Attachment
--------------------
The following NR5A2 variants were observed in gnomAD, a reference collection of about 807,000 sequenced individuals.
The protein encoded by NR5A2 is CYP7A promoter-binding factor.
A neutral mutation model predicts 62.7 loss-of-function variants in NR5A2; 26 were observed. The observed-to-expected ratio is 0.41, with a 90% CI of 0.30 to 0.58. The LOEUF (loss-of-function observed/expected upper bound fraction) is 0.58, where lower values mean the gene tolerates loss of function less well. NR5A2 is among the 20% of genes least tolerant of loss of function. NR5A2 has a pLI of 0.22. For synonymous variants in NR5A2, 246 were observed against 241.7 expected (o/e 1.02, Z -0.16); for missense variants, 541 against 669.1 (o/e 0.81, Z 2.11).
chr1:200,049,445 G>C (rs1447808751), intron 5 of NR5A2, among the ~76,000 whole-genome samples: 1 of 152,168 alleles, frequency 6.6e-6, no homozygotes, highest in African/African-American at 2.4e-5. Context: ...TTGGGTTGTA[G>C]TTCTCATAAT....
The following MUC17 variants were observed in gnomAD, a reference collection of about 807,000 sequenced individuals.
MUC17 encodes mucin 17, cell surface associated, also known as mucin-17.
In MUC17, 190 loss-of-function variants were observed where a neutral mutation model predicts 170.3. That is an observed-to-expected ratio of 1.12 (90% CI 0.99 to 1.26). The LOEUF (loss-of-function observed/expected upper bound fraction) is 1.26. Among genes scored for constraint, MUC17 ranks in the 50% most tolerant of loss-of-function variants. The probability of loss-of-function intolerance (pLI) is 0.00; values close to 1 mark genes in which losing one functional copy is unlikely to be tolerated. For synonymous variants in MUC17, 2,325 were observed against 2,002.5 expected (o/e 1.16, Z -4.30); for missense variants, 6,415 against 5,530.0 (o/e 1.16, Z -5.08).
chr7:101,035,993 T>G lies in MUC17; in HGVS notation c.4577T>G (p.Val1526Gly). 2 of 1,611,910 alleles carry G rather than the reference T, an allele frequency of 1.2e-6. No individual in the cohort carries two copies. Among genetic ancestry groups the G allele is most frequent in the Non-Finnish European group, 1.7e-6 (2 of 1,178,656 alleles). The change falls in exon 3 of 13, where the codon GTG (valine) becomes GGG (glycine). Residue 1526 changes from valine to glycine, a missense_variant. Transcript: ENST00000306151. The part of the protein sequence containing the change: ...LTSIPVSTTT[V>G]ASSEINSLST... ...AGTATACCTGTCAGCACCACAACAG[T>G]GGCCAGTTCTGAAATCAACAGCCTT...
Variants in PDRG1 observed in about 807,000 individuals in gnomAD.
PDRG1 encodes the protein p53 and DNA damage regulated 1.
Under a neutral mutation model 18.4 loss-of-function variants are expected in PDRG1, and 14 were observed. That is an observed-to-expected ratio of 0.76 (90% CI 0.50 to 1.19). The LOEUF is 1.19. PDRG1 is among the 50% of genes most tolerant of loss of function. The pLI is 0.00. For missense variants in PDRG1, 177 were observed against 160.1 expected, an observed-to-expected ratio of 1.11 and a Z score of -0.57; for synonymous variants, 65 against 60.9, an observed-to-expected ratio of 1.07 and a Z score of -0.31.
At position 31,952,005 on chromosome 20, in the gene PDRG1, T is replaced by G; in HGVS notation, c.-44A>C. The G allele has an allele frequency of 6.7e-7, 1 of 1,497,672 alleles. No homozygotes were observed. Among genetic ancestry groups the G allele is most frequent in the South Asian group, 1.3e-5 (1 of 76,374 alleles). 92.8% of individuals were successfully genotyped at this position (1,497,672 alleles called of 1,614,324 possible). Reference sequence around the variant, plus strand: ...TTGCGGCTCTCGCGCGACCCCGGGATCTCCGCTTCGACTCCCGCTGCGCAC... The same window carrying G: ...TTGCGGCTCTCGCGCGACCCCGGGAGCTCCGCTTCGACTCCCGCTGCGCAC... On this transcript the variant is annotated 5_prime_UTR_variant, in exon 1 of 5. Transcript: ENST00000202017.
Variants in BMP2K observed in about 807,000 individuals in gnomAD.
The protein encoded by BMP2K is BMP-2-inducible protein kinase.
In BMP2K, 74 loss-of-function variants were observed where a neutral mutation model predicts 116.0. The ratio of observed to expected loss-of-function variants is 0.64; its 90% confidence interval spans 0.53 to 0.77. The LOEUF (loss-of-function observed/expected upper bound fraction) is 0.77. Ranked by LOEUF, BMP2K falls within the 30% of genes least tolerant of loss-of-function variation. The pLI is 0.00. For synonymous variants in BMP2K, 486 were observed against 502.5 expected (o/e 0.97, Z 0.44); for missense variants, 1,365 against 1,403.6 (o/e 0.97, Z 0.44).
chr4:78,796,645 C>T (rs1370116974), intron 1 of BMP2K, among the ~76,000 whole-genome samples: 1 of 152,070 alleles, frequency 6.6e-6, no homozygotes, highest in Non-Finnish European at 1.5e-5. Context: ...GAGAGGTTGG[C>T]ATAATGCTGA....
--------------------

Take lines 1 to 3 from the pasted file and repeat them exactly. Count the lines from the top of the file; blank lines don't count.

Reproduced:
The following NR5A2 variants were observed in gnomAD, a reference collection of about 807,000 sequenced individuals.
The protein encoded by NR5A2 is CYP7A promoter-binding factor.
A neutral mutation model predicts 62.7 loss-of-function variants in NR5A2; 26 were observed. The observed-to-expected ratio is 0.41, with a 90% CI of 0.30 to 0.58. The LOEUF (loss-of-function observed/expected upper bound fraction) is 0.58, where lower values mean the gene tolerates loss of function less well. NR5A2 is among the 20% of genes least tolerant of loss of function. NR5A2 has a pLI of 0.22. For synonymous variants in NR5A2, 246 were observed against 241.7 expected (o/e 1.02, Z -0.16); for missense variants, 541 against 669.1 (o/e 0.81, Z 2.11).